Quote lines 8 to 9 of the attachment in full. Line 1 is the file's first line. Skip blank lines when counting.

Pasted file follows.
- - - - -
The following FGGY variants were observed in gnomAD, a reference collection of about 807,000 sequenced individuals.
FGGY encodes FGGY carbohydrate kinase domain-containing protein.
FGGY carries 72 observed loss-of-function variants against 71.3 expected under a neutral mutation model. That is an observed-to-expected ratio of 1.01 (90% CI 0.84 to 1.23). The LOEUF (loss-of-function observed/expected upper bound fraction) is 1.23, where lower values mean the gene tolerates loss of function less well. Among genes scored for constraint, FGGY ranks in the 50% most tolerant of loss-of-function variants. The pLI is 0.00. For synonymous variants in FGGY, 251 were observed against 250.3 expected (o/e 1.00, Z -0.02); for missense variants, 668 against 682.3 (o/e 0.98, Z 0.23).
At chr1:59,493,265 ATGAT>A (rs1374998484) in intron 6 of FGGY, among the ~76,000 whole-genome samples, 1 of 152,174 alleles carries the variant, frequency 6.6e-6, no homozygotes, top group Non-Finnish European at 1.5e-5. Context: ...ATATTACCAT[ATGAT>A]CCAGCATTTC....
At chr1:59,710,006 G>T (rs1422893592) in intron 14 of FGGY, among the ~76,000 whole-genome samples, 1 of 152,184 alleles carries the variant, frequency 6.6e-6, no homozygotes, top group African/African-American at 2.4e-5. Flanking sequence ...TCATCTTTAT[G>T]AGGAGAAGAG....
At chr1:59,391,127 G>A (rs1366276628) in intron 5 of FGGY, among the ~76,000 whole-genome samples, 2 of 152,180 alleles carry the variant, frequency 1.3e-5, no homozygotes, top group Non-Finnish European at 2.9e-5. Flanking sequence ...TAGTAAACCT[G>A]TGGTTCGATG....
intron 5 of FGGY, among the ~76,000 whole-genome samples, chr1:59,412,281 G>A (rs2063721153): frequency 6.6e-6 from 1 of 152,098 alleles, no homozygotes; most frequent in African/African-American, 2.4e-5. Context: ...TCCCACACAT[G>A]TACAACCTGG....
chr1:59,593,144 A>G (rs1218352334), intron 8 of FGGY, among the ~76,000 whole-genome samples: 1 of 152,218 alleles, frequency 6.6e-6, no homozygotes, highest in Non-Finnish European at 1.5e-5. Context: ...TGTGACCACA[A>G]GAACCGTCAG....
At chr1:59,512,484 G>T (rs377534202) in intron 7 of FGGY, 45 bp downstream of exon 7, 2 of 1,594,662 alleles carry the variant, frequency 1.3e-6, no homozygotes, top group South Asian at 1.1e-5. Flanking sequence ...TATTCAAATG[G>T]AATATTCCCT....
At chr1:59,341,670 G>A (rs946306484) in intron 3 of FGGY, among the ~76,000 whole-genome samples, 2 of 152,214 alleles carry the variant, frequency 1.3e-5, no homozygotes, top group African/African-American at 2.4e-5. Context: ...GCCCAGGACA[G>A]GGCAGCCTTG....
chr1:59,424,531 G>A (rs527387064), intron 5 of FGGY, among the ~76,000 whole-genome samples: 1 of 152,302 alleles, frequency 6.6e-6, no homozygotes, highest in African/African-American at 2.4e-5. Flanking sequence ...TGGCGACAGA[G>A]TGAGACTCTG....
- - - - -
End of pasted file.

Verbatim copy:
chr1:59,593,144 A>G (rs1218352334), intron 8 of FGGY, among the ~76,000 whole-genome samples: 1 of 152,218 alleles, frequency 6.6e-6, no homozygotes, highest in Non-Finnish European at 1.5e-5. Context: ...TGTGACCACA[A>G]GAACCGTCAG....
At chr1:59,512,484 G>T (rs377534202) in intron 7 of FGGY, 45 bp downstream of exon 7, 2 of 1,594,662 alleles carry the variant, frequency 1.3e-6, no homozygotes, top group South Asian at 1.1e-5. Flanking sequence ...TATTCAAATG[G>T]AATATTCCCT....